Given the global financial, social and institutional changes that are emerging daily, a common question keeps being asked – “Do I have to complete my contractual obligations because of what is happening with Covid 19?
Leaving aside issues of creditor protection such as Bankruptcy and Insolvency, it depends on whether Covid 19 falls within a Force Majeure clause or whether the contract was frustrated.
A Force Majeure Clause is often referred to as an Act of God clause. The purpose of a Force Majeure clause is to protect the parties against events that are outside of their tolerable risk; if a certain event or type of event happens, the parties can be excused from completing their contractual obligations without liability for breach of contract. An act of God clause or force majeure clause generally operates to discharge a contracting party when a supervening, sometimes supernatural, event, beyond the control of either party, makes performance impossible. The common thread is that of the unexpected, something beyond reasonable human foresight and skill. See Atlantic Paper Stock Ltd. v. St. Anne-Nackawic Pulp and Paper Company Limited, 170 (SCC),  1 SCR 580
Typically Courts hold a party to a high level when seeking to avail themselves to a force majeure clause. To determine whether Covid 19 would be an act of god or trigger the force majeure clause depends on a proper interpretation of the clause in question. If the clause specifically refers to a pandemic, plague, national emergency or shut down, it is easier to say that Covid 19 will trigger it. In circumstances where the wording of the clause does not make it clear what events would trigger the clause, Courts will (subject to the wording of the clause) look to whether performance of the contract is impossible or just more expensive and whether inability to perform the contract was foreseeable and the risk can be mitigated.
Frustration of contract is some ways similar to a force majeure clause. It is intended to relieve a contracting party from having to complete its bargain due to a radical unforeseen event that renders performance of the contract impossible or impractible.
Frustration of a contract takes place when there supervenes an event (without default of either party and for which the contract makes no sufficient provision) which so significantly changes that nature (not merely the expense or onerousness) of the outstanding contractual rights and/or obligations from what the parties could reasonably have contemplated at the time of its execution that it would be unjust to hold them to the literal sense of its stipulations in the new circumstances; in such case the law declares both parties to be discharged from further performance. (National Carriers Ltd. v. Panalpina Ltd.,  1 All E.R. 161 (H.L.))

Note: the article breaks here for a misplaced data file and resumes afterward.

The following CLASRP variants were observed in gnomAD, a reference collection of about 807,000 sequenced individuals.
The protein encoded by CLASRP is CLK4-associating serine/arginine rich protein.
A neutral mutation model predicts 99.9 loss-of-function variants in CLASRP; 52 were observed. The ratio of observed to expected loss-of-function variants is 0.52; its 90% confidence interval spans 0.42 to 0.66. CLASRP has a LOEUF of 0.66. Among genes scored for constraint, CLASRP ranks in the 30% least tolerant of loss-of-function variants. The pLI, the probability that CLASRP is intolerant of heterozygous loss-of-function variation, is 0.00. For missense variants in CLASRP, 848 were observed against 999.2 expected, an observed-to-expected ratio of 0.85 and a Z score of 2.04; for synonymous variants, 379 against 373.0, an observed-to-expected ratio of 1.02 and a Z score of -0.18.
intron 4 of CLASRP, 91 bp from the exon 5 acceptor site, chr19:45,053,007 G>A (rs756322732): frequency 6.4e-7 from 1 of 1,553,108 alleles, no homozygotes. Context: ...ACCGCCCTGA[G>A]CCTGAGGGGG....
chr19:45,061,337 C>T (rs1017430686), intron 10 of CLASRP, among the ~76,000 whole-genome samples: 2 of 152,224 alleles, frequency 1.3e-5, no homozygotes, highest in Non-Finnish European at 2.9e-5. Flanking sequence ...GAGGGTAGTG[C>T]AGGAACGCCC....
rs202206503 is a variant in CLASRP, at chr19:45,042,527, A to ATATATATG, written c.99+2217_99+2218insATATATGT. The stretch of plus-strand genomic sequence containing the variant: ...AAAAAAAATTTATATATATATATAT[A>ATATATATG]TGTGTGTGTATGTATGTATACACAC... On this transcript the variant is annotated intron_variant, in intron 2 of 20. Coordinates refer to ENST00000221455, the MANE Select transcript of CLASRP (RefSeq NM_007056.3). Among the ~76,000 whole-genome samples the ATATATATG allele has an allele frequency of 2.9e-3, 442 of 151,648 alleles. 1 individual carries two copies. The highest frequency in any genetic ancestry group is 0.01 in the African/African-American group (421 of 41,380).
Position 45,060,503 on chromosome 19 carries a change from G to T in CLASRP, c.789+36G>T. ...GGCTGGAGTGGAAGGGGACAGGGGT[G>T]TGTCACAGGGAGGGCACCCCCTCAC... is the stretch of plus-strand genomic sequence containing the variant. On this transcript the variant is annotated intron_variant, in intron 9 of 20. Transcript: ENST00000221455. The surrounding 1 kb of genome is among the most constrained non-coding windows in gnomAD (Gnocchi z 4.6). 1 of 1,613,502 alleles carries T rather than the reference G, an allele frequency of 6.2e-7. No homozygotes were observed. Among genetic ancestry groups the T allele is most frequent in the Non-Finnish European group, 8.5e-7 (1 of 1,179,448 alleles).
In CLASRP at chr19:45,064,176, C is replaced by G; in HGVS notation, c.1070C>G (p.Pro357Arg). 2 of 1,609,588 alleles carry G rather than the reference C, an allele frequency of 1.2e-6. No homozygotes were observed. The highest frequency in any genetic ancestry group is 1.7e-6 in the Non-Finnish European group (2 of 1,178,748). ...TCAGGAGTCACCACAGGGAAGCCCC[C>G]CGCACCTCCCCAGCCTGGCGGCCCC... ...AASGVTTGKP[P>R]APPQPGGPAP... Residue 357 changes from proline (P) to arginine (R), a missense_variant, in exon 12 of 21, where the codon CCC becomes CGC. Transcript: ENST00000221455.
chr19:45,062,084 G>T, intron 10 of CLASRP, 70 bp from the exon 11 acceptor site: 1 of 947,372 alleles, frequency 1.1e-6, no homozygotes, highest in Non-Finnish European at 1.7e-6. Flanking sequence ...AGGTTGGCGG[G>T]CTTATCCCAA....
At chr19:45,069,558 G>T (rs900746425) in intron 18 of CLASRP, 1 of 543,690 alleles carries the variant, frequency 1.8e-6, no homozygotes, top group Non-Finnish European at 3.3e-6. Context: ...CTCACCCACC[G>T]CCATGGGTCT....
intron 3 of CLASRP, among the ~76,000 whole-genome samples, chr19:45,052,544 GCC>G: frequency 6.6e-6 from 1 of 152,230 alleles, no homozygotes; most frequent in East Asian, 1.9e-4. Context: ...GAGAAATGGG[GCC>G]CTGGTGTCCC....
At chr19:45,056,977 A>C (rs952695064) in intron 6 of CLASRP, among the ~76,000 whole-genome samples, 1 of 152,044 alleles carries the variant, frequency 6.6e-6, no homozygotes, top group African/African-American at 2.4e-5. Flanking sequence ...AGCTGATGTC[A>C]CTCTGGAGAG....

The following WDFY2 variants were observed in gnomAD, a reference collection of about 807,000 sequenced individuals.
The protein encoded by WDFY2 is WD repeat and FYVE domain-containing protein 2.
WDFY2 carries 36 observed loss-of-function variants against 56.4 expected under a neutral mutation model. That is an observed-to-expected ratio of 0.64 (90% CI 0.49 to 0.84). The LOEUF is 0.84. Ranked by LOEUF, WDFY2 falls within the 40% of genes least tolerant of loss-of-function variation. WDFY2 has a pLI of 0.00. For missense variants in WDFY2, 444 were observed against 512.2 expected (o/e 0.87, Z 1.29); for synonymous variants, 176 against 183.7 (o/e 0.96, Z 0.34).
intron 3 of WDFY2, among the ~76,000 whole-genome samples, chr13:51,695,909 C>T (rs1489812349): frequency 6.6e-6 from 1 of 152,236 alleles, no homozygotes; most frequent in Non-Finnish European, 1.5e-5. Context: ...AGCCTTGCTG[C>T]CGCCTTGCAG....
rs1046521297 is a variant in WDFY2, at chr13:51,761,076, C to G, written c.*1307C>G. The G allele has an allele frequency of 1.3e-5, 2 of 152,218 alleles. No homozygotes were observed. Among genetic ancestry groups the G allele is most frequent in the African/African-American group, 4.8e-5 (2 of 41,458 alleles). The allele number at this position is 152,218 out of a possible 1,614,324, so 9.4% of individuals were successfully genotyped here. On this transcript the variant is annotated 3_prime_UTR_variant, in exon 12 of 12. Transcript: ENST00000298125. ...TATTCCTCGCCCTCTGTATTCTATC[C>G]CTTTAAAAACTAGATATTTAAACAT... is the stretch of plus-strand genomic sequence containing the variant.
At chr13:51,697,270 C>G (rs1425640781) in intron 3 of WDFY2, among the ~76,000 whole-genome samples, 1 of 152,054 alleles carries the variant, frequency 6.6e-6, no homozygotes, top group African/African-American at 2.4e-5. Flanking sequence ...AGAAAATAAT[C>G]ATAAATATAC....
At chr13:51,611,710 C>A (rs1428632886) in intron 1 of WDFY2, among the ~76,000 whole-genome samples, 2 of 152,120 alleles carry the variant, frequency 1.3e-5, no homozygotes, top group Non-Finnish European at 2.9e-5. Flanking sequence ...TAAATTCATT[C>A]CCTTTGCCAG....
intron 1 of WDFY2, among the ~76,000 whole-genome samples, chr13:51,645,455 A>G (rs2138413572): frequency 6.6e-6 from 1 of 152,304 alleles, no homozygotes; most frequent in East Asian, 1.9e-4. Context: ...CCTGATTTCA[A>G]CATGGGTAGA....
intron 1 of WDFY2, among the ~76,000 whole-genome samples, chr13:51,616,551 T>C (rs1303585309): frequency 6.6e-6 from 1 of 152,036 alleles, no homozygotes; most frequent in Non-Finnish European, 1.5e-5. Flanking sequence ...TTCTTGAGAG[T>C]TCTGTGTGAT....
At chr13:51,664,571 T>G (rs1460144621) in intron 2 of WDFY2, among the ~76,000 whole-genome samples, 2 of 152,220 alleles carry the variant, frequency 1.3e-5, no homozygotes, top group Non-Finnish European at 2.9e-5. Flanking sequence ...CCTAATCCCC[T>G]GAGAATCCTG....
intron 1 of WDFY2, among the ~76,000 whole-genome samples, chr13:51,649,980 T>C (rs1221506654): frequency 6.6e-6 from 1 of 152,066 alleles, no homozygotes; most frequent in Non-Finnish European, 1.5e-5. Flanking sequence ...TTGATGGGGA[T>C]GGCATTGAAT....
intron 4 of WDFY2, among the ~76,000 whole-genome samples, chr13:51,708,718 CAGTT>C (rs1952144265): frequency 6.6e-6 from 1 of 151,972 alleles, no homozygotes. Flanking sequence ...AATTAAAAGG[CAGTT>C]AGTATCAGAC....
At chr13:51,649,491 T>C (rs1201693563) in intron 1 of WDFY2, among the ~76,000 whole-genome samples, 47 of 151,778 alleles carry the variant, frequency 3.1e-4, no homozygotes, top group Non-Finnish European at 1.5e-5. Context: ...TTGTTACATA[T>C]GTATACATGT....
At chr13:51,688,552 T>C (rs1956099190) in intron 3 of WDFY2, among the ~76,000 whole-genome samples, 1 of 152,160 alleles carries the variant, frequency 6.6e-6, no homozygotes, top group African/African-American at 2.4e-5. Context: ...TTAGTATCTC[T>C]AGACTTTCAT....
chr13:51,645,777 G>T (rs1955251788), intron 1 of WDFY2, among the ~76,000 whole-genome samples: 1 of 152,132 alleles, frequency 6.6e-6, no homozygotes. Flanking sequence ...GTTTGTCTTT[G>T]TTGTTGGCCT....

In some ways frustration of contract addresses the fairness of the agreement/bargain; because things have radically changed it would be unfair or impossible to force the parties to complete the contract.
A contract cannot be frustrated by an event that is the subject of a force majeure clause. If a force majeure clause kicks in to end a contract, it is not because the contract is frustrated, rather the obligations end under the contract (subject to obligations to mitigate), because the contract itself provides for the chain of events.
In order to find that the contract at issue has been frustrated, the following criteria would have to be satisfied. The event in question must have occurred after the formation of the contract and cannot be self-induced. The contract must, as a result, be totally different from what the parties had intended. This difference must take into account the distinction between complete fruitlessness and mere inconvenience. The disruption must be permanent, not temporary or transient. The change must totally affect the nature, meaning, purpose, effect and consequences of the contract so far as concerns either or both parties. Finally, the act or event that brought about such radical change must not have been foreseeable.
In considering whether a contract has been frustrated by Covid 19, the nature of the contract and the associated obligations must be considered as against the effects of the global pandemic. Is performance of the contract more difficult or is it impossible? For example, the agreement to have your hair cut on Tuesday when all hairstylists have been ordered to be closed would be a frustrated contract. Conversely, the agreement to pay for a car will likely not be frustrated given that reticence to buy based on fear of what the pandemic will bring, does not render the contract impossible (perhaps improvident). As time passes and the effects socially, economic, institutional and legal change, the scope of contracts that are frustrated will likely grow.
If one is considering resiling from contractual obligations, thought should be paid to the risks associated with a finding that the contract remains in force. Additional consideration should also be given to such things as whether the matter can be discussed (and resolved or renegotiated) with the other party or whether there is insurance available.